Luckily for the United States, laws can be overturned when there is the will to do so. The influence of one such law called PASPA (Professional and Amateur Sports Protection Act) is measured in billions of dollars lost from the U.S. budget.
PASPA was enacted in 1992 and for nearly 26 years prohibited the legalization of sports betting in all but four American states. However, to the delight of bettors, businesses, and the US tax collectors, the law was overturned in May 2018, which had enormous implications for the US economy.
Let’s crunch the numbers and see just how big of an impact the disappearance of this law has in the present and will have in the future. —
If you thought satire was dead in the age of Brexit and Trump, then a quick look at social media should pretty quickly disabuse you of that illusion. Search “Festival of Brexit Britain” if you want a picture of satire’s bright future. Theresa May’s recent announcement that she wants the UK to hold a national festival in 2022 to celebrate leaving the EU prompted an avalanche of humorous memes – including the illustration by the artist Richard Littler at the top of this article.
The question is, though: are we witnessing a revival of satire as a far more prolific and potent form than ever before – or, because of the sheer numbers of people using social media to try to make humorous points, are we seeing its dilution to the point of redundancy? Read more ›
Political journalists, especially during elections, should provide balanced news coverage of parties and scrutinise each parties’ political agendas to help properly inform the public. Sadly this is an ideal that is all-too-rarely realised. The 2015 election was reported as a horse race, the EU referendum starved voters of the facts about Brexit and coverage of this year’s election campaign has been more about demonising Labour leader Jeremy Corbyn than in taking a close look at the rival parties’ policy platforms.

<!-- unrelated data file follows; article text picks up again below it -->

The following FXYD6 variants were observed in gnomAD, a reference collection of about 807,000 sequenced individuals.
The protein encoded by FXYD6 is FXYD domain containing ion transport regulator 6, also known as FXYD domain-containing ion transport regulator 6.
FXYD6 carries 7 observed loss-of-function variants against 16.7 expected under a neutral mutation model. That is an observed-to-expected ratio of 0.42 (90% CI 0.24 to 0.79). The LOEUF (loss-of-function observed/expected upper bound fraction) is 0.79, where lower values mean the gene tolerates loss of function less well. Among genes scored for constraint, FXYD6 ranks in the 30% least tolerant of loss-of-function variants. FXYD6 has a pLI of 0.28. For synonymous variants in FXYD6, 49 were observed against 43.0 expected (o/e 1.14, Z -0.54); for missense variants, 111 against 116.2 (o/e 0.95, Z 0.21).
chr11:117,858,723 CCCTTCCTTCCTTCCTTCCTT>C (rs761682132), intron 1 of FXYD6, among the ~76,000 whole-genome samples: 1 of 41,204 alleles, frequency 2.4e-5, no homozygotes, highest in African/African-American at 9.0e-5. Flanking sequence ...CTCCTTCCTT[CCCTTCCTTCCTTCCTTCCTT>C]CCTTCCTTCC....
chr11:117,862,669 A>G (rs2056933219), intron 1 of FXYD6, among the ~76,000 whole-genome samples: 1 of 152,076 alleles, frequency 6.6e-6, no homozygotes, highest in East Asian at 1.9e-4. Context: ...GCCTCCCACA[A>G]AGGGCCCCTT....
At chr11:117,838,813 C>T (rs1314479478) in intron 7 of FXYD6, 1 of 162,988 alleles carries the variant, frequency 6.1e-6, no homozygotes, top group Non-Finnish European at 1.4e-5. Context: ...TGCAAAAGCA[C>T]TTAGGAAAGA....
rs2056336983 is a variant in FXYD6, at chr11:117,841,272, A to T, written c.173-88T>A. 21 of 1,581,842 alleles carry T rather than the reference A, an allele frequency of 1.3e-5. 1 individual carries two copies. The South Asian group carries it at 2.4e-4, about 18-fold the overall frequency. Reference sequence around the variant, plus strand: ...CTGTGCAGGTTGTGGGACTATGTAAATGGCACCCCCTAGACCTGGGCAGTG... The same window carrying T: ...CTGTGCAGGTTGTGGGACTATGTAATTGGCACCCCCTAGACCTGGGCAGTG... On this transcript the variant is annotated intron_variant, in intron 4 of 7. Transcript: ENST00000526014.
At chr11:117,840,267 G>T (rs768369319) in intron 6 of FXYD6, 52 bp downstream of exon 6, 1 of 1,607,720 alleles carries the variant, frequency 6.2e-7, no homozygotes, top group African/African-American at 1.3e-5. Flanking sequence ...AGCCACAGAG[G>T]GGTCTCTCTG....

And, as ever, major parties are making it as hard as possible for the public to make an informed choice by adopting tightly controlled campaign strategies where they refrain from answering direct questions from journalists and engaging with voters.
These trends are problematic, because they can unfairly influence our understanding of political parties and their policies. Nevertheless, they are key ingredients for an atmosphere that is ripe for political satire. Satire, after all, attempts to focus on the unanswered questions and clarify the underlying morality of the political landscape. It’s a practice that American TV satire has capitalised on over the past 17 years thanks to the rise of professionalised politics and a highly partisan media. The Daily Show with Jon Stewart, for example, left a legacy of engaging political critique now adopted by shows such as Last Week Tonight with John Oliver and Sam Bee’s Full Frontal. Read more ›